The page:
WASHINGTON -- House Budget Committee Chairman Paul Ryan (R-Wis.) and soon-to-be Senate Finance Committee Chairman Ron Wyden (D-Ore.) have worked together before, and progressives are worried they might do it again -- to the detriment of the social safety net.
Wyden is taking over from Sen. Max Baucus (D-Mont.), whose leadership of the influential Finance Committee often rankled liberals, who thought he was too protective of big banks and financial interests and had weakened President Barack Obama's health care reform. While progressives hail Wyden's stances on civil liberties, they worry he may be more like Baucus in his support for entitlement and tax reform than someone like Sen. Elizabeth Warren (D-Mass.) or even Wyden's junior colleague from Oregon, Sen. Jeff Merkley (D).
"It's Whac-A-Mole centrist," said Neil Sroka, communications director for the left-leaning Democracy for America. "You get rid of Baucus, a guy who almost single-handedly derailed health reform, and now you get Wyden."
"With Wyden, there's no reason to believe, especially with trade and some other issues, that he'll be better than Baucus," Sroka added.
The lefties' concern is heightened by Wyden's past work with Ryan, with whom he once crafted a discussion document on cutting Medicare costs that included an option to add a voucher-like program. During the 2012 presidential campaign, GOP vice presidential nominee Ryan and running mate Mitt Romney cited that work. Wyden had to step back a bit, noting that it was for discussion purposes, not his formal proposal.
Still, the precedent of Wyden's working on a plan that would be anathema to liberals is there. Ryan could further raise the odds of such collaborations next year, when he is the odds-on favorite to replace Rep. Dave Camp (R-Mich.) as chairman of the House Ways and Means Committee, which is the counterpart to the Senate Finance Committee.
Indeed, Ryan, who is already engaged in crafting tax reform as a senior member of Ways and Means, said in a statement to The Huffington Post that he saw no reason why Wyden and Camp shouldn't get started right away, before his own possible ascent to the chairmanship in 2015. And Ryan, fresh off a budget deal with Sen. Patty Murray (D-Wash.) that many liberals did not like, is in a mood to keep such progress going. He would certainly be a partner in pushing for tax reform in the vein of a plan Wyden has already offered with Sen. Dan Coats (R-Ind.).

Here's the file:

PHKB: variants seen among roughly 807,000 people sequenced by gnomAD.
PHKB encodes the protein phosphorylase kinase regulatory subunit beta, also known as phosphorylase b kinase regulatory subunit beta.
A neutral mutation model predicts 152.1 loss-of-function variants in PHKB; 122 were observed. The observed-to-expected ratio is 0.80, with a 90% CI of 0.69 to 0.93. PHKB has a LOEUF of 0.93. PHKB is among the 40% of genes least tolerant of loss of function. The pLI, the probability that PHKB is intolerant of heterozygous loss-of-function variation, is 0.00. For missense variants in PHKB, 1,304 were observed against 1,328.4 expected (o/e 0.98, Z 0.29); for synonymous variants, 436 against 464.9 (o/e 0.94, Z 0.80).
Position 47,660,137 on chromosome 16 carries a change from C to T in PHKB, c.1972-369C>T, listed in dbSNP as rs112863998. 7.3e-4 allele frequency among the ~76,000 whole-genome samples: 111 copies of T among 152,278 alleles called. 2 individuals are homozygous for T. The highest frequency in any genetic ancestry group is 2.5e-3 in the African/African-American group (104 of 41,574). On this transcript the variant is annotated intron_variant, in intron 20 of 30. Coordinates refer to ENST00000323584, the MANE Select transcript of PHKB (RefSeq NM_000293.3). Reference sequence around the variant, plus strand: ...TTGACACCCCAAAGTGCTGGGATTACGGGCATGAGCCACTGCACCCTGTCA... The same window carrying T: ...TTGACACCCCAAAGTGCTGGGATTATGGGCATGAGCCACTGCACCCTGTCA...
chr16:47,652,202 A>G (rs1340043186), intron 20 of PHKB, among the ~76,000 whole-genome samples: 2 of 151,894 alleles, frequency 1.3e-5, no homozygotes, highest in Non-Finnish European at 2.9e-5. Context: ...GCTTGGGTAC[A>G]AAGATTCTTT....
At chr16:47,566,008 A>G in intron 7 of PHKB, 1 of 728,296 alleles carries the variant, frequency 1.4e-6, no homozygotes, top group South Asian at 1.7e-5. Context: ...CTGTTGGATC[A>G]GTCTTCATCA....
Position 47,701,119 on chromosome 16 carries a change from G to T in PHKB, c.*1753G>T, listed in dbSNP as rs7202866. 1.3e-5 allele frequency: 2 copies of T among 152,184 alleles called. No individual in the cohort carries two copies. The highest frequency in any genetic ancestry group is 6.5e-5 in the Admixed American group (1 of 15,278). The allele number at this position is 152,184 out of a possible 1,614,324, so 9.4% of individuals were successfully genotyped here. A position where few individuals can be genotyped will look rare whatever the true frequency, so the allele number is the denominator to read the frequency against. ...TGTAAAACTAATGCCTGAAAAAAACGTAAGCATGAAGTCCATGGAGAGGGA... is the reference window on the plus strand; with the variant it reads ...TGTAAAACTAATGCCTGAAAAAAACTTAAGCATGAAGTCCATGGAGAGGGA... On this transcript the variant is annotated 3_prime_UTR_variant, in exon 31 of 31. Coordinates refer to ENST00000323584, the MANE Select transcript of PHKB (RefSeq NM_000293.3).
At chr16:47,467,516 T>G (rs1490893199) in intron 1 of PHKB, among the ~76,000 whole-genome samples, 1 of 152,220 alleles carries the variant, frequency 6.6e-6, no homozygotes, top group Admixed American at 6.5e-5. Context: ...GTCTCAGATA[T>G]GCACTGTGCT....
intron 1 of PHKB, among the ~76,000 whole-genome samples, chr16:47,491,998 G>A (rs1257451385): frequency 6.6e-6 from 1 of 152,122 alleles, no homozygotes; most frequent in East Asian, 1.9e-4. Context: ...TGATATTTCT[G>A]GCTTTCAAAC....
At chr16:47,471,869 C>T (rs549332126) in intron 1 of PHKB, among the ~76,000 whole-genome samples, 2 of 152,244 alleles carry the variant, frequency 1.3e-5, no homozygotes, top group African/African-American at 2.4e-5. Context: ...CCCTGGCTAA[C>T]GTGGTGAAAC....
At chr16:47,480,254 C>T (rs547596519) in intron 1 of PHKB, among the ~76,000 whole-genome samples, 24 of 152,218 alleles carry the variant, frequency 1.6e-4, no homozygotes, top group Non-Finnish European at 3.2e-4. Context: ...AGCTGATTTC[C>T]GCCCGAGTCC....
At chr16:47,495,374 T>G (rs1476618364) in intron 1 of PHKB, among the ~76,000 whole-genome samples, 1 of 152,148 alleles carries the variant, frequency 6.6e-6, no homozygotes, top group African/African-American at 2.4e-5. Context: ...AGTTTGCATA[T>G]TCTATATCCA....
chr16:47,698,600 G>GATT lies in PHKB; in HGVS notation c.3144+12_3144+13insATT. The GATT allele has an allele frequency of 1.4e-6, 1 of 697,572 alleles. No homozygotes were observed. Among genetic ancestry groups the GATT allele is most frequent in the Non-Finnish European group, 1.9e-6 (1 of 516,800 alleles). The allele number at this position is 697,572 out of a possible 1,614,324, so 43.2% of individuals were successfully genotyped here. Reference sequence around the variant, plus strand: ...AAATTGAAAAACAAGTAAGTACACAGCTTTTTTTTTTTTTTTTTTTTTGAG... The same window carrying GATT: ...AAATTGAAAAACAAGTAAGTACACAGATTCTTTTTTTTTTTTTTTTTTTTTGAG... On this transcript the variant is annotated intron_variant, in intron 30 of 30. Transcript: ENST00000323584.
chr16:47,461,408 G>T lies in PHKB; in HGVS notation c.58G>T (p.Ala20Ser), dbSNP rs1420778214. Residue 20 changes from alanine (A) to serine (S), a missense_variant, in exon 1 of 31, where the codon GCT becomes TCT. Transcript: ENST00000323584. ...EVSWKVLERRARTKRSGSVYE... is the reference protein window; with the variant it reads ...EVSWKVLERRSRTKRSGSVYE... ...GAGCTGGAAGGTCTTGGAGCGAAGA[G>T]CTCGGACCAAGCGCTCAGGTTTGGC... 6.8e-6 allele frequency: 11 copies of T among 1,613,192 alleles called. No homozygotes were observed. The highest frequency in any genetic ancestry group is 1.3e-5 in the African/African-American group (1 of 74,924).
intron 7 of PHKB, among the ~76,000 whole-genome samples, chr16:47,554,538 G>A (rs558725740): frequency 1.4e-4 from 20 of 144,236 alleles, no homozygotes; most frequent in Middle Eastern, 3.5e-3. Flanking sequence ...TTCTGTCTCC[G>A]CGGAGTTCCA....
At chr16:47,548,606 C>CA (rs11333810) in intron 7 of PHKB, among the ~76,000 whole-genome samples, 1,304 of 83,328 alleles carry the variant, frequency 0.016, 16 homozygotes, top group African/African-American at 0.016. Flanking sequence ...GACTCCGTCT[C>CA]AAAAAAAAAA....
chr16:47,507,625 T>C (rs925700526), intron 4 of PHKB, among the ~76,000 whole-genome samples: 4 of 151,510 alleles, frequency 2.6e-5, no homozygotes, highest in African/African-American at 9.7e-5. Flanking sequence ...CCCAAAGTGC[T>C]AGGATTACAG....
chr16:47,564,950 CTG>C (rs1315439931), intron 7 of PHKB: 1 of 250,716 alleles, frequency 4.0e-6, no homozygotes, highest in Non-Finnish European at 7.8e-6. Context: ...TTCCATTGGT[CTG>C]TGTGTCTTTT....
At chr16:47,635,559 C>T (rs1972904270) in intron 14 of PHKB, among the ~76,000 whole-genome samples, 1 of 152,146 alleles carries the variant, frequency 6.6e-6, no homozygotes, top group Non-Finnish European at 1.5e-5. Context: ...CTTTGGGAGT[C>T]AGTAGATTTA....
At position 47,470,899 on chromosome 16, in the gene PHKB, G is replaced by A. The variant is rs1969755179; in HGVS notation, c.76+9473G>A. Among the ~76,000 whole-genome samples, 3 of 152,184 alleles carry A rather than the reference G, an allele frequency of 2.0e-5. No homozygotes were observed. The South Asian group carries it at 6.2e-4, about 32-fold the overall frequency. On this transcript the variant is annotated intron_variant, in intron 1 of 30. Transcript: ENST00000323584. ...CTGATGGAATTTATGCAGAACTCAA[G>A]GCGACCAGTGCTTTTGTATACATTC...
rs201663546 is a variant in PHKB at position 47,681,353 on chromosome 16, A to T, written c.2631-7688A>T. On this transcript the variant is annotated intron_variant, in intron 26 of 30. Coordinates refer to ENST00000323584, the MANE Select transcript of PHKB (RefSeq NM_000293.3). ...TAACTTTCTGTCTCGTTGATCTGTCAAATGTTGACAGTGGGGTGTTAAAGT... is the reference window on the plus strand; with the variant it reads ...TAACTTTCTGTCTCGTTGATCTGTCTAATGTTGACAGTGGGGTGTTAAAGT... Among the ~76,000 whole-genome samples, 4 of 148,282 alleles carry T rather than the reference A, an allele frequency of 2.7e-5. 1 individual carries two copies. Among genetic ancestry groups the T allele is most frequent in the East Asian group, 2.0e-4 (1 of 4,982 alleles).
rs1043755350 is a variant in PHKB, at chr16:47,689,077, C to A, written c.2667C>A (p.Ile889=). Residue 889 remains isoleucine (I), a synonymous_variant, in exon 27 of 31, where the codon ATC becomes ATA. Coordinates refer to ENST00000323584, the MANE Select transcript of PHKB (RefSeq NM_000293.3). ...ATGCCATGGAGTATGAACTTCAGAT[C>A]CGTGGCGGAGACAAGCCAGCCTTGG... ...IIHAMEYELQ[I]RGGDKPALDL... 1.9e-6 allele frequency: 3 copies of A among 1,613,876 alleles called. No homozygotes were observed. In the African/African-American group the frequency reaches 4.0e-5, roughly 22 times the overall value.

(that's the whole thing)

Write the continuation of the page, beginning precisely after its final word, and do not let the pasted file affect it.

"Tax reform will help grow the economy and create jobs, and there’s no reason to wait. I want to help Chairman Camp and my colleagues finish the job this year," Ryan said. "And Chairman Camp will have a strong partner in Sen. Wyden. He understands that true bipartisanship builds on the best ideas from both parties. I am hoping to vote for the Camp-Wyden Tax Reform Act of 2014. It will help put people back to work."
The promise of bipartisanship is surely refreshing for liberals, centrists and conservatives alike. But progressives fear Wyden might compromise simply for the sake of compromise, starting from too weak a position and not cutting the best deal.
"He just has a strange understanding of what bipartisanship means that's sort of D.C.-centric, where if we just split the difference, we'll find a way to get along," Sroka said. "The fact of the matter is that he thought a plan that leaned toward voucherized Medicare was a good compromise, and I'm afraid of what he might think is a good compromise on tax reform."
As Ryan signaled in his statement, tax reform would likely come up before any new Medicare proposals. "I would say that some concern is certainly warranted," said Dean Baker, co-founder of the left-leaning Center for Economic and Policy Research.
"On the Medicare side, my guess is that with the [Affordable Care Act] just kicking in, no one will be that anxious to jump into Medicare reform until they see how it works," Baker said.
"The tax story is where we are more likely to see movement," he added. "This doesn't have to be bad. The tax code, especially on the corporate side, is a cesspool. People like Romney get rich by taking advantage of loopholes in the system. If you can close these loopholes, it would definitely be worth giving up something on the rate side."
Baker was referring to lowering tax rates, which Wyden's plan would do, along with closing some loopholes and simplifying tax brackets to pay for the cut.
The fear on the left, however, is that if Wyden takes something like his compromise plan as a starting point, the end result will be something even further to the right, setting tax policies for the next several decades that don't raise enough money to support domestic programs and cut the deficit.
"I don't see tax reform as necessarily bad," Baker said. "Of course, if the Ryan types get their way, they will leave in most of the loopholes and just have big cuts in rates."
That might actually leave liberals pining for Baucus.
Wyden's office referred HuffPost to a statement he made when Baucus was nominated last month to be ambassador to China, which included a summary of the issues Wyden hopes to address.
"The Senate Finance Committee has many important responsibilities which include promoting job creation, ensuring competitiveness and stabilizing the nation’s fiscal health," Wyden said. "I also look forward to continuing my work on preserving the Medicare guarantee and protecting retirement security, updating the nation’s tax system with a focus on growth, fairness and efficiency, and ensuring that fiscal policy supports keeping jobs here in America."
Michael McAuliff covers Congress and politics for The Huffington Post. Talk to him on Facebook.